Co-Director Shaketa Redden’s 2019 Hiatus Letter

I began on a journey to build something new with some dope folx a few years ago- Black Love Resists in the Rust. A political home for Black and Brown folks that didn’t fit into the conservative or progressive spaces that already exist in Buffalo. The amount of labor expended when starting a new organization is difficult for anyone, especially those of us who live with an autoimmune disease. It if for this reason that I have decided to take a year away from the work and focus on healing physically, mentally and spiritually.

It is a common phrase amongst organizers that you can’t be a prophet if your own land. I would argue this is not true in the sense that it is meant.  Most folx involved in movement would say a “hometown organizer” can’t fight the power they face with folx who have known them since they were children. The difficulties of organizing at home come with all of the responsibilities with being a woman of color and living in the same city as your family and loved ones.   

I moved back to Buffalo the summer of 2012 and started organizing in the fall of 2013. During this time I have had many deaths in my family; my grandma Janie who was my constant, and my 18-year-old cousin who was murdered on Fillmore Ave. Both shook me hard- one making me question my confidence and the other made me question the work or the way I was engaged in the work.

I know that the work will continue powerfully by  leadership at Black LoveResists and their commitment to our liberation. While I am away I ask that you all send me love, light, and the space that I need to heal and reflect during this year.

Sending love,

S.

Erie County Needs A New Sheriff

The following is a press statement we released July 18/ 19th in response to India Cummings’ death being ruled a homicide due to medical neglect at the Erie County Holding Center. Reader, you should know that the report and the Buffalo News article are graphic.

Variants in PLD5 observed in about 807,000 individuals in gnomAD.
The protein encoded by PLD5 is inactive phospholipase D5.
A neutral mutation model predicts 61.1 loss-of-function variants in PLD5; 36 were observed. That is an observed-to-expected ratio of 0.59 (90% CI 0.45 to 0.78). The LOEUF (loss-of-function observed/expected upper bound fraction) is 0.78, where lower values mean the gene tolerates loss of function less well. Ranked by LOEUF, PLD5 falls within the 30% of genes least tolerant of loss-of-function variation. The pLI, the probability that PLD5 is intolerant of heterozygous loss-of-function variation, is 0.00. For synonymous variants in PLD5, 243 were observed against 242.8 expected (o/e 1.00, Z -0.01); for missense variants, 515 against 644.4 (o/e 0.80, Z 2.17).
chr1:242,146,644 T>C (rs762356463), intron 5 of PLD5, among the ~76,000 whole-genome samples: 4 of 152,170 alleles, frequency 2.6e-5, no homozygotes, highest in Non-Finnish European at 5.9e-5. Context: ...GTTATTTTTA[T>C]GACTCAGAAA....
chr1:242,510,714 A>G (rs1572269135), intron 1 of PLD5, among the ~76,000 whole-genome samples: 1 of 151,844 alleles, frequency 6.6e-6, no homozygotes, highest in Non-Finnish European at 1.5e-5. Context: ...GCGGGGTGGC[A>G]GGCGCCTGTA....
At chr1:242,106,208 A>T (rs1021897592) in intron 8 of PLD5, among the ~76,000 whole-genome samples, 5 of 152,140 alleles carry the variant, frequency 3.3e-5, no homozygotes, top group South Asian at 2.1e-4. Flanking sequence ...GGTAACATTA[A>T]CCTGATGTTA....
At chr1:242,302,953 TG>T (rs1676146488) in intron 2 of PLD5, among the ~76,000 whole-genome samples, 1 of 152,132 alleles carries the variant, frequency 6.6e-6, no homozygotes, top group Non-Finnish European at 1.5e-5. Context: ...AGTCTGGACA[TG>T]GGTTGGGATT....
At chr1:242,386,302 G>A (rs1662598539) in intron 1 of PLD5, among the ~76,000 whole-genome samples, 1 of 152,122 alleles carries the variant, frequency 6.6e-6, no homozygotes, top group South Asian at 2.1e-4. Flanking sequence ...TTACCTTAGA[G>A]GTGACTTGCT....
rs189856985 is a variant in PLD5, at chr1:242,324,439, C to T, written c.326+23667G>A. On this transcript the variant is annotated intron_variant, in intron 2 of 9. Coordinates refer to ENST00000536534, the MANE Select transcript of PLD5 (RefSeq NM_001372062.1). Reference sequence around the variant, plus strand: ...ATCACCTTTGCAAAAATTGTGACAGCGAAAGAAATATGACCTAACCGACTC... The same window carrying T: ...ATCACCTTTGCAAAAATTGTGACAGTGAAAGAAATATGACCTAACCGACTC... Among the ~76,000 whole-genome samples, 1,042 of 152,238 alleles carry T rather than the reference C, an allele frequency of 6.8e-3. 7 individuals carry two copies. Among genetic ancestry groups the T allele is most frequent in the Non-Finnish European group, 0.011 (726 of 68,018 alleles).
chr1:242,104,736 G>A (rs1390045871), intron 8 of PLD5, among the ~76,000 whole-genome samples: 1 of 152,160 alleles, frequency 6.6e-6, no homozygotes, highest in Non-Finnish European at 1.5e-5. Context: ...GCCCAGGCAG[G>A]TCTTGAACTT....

The report from the Commission of Corrections’ Medical Review Board released Monday declaring India Cummings’ death a homicide is devastating and further enforces that Sheriff Howard and his administration should not be in charge of the Holding Center or the County Jail. Since Howard became Sheriff in 2005 there have been 24 deaths in the facilities he is charged with. The Medical Review Board’s Report, as well as testimony from inmates, prove a culture of neglect, mishandling, incompetence, aggressive force and overall disregard for the lives of those held at the Holding Center and the County Jail. Erie County needs a new Sheriff and need to enact policies and practices that protect inmates and meets their needs.

It is devastating to read about the conditions India Cummings was in; like sitting in her own urine and feces, before she was allowed medical attention, that was ultimately too late. India was obviously suffering and instead of attention, care and treatment she accrued more charges for her “behavior”. Marielle Smith, a Black Love Resists // Just Resisting member who has been vocal about Buffalo’s policing problem, thinks that “blaming a ‘mental health crisis’ negates the fact that poor Black and Brown folks are being actively attacked by the police state that refuses to value us and see us as human beings deserving of any type of protection or care.

Black Love Resists insists on a new administration in charge of the Holding Center and the County Jail- Sheriff Howard needs to go. Additionally, we need a serious allocation of resources and services at the county and city level- law enforcement should never be the first responders to a mental health crisis and housing individuals in penal facilities should never be the procedure. Dollars allocated to providing much needed services are severely low. It is time for Erie County to implement a Law Enforcement Assisted Diversion (LEAD) Program and shift their budget’s priorities so that individuals experiencing a mental health crisis, like India, would be placed into harm reduction treatment programs whose goals are to treat and care for the whole person instead of charging them with a crime.